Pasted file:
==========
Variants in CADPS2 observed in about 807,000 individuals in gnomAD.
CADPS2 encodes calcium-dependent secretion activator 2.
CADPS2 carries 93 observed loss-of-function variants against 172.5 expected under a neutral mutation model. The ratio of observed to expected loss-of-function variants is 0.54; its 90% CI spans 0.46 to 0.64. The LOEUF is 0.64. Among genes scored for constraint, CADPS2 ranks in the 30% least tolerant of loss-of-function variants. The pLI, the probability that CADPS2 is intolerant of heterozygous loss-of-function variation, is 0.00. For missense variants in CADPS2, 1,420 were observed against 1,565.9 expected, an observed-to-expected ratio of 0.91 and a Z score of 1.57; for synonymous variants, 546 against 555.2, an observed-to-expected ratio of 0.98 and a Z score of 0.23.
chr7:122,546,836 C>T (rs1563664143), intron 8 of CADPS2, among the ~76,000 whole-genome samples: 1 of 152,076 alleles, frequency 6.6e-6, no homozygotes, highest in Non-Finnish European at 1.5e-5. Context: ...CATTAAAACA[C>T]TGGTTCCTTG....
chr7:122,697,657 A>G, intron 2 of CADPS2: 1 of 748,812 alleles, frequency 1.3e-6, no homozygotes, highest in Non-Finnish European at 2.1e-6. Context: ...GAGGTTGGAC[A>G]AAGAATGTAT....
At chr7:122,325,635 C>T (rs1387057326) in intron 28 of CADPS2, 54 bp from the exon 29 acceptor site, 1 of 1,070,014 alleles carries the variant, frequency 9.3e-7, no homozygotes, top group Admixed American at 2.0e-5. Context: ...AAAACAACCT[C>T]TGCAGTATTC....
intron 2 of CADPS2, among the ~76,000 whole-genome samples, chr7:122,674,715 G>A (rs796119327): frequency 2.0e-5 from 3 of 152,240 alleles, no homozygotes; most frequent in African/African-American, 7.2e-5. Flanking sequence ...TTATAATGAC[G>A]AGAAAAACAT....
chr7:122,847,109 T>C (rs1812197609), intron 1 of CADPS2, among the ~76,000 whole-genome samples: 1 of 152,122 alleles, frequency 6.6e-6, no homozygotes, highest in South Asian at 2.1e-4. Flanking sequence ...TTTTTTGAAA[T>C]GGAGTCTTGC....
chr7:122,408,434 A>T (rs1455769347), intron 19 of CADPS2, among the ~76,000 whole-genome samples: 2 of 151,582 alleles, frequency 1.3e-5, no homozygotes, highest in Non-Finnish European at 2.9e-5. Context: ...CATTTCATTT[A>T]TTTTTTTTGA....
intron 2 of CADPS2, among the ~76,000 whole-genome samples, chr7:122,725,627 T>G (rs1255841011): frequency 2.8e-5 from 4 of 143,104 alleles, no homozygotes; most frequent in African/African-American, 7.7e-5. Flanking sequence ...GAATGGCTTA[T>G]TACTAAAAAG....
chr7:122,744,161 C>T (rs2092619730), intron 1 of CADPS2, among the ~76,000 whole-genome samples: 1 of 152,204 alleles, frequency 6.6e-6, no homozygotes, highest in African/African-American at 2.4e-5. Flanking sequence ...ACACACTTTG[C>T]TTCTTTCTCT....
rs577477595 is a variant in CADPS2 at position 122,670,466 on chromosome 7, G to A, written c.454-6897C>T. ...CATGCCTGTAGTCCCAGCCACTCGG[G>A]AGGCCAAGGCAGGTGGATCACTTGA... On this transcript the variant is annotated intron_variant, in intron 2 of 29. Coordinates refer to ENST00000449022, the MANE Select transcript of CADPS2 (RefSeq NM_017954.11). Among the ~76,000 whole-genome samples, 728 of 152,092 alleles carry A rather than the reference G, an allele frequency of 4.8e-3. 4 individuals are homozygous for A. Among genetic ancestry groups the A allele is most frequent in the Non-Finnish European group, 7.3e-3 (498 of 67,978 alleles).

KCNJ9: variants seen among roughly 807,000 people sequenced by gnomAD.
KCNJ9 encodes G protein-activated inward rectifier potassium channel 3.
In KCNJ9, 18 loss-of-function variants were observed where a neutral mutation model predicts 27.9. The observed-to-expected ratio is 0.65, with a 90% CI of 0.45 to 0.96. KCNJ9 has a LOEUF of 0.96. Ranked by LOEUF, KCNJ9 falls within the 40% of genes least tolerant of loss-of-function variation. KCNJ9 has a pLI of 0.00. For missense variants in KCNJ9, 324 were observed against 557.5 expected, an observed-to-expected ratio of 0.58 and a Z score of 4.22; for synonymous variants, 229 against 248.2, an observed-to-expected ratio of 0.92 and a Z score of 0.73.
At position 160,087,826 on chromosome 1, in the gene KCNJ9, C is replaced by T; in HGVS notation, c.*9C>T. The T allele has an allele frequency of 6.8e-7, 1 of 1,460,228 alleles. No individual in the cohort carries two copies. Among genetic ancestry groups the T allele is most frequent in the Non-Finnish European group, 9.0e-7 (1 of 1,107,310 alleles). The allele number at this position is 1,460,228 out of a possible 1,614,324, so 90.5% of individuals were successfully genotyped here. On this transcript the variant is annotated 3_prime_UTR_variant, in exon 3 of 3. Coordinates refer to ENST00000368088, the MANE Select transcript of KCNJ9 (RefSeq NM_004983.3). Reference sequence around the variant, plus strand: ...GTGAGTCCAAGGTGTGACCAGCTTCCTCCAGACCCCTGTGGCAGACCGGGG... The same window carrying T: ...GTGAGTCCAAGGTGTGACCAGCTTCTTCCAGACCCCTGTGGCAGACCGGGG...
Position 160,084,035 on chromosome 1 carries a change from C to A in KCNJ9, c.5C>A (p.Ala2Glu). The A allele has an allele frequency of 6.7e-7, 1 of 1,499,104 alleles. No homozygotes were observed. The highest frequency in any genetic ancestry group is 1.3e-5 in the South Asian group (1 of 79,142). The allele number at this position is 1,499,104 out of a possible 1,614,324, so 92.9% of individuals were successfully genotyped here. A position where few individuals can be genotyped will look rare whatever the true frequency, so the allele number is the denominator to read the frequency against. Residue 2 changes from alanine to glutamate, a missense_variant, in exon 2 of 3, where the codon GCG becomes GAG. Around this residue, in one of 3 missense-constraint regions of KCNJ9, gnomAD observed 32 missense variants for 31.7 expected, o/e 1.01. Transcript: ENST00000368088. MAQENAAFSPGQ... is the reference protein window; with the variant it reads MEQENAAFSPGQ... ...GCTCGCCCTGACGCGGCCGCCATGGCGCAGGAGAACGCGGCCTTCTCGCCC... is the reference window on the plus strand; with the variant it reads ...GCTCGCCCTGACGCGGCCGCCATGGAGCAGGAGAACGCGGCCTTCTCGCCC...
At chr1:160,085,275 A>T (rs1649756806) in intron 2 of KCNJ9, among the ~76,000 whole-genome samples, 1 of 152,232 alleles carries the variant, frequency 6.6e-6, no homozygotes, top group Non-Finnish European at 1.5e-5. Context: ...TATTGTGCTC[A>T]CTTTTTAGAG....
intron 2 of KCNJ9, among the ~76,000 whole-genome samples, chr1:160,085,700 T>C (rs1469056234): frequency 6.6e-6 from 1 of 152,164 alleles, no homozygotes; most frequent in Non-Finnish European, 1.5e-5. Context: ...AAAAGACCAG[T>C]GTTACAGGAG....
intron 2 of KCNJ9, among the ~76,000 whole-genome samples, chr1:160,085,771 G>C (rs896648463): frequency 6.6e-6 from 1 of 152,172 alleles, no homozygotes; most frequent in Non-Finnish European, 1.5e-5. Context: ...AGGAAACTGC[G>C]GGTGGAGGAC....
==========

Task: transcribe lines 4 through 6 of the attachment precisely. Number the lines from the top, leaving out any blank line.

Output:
chr7:122,546,836 C>T (rs1563664143), intron 8 of CADPS2, among the ~76,000 whole-genome samples: 1 of 152,076 alleles, frequency 6.6e-6, no homozygotes, highest in Non-Finnish European at 1.5e-5. Context: ...CATTAAAACA[C>T]TGGTTCCTTG....
chr7:122,697,657 A>G, intron 2 of CADPS2: 1 of 748,812 alleles, frequency 1.3e-6, no homozygotes, highest in Non-Finnish European at 2.1e-6. Context: ...GAGGTTGGAC[A>G]AAGAATGTAT....
At chr7:122,325,635 C>T (rs1387057326) in intron 28 of CADPS2, 54 bp from the exon 29 acceptor site, 1 of 1,070,014 alleles carries the variant, frequency 9.3e-7, no homozygotes, top group Admixed American at 2.0e-5. Context: ...AAAACAACCT[C>T]TGCAGTATTC....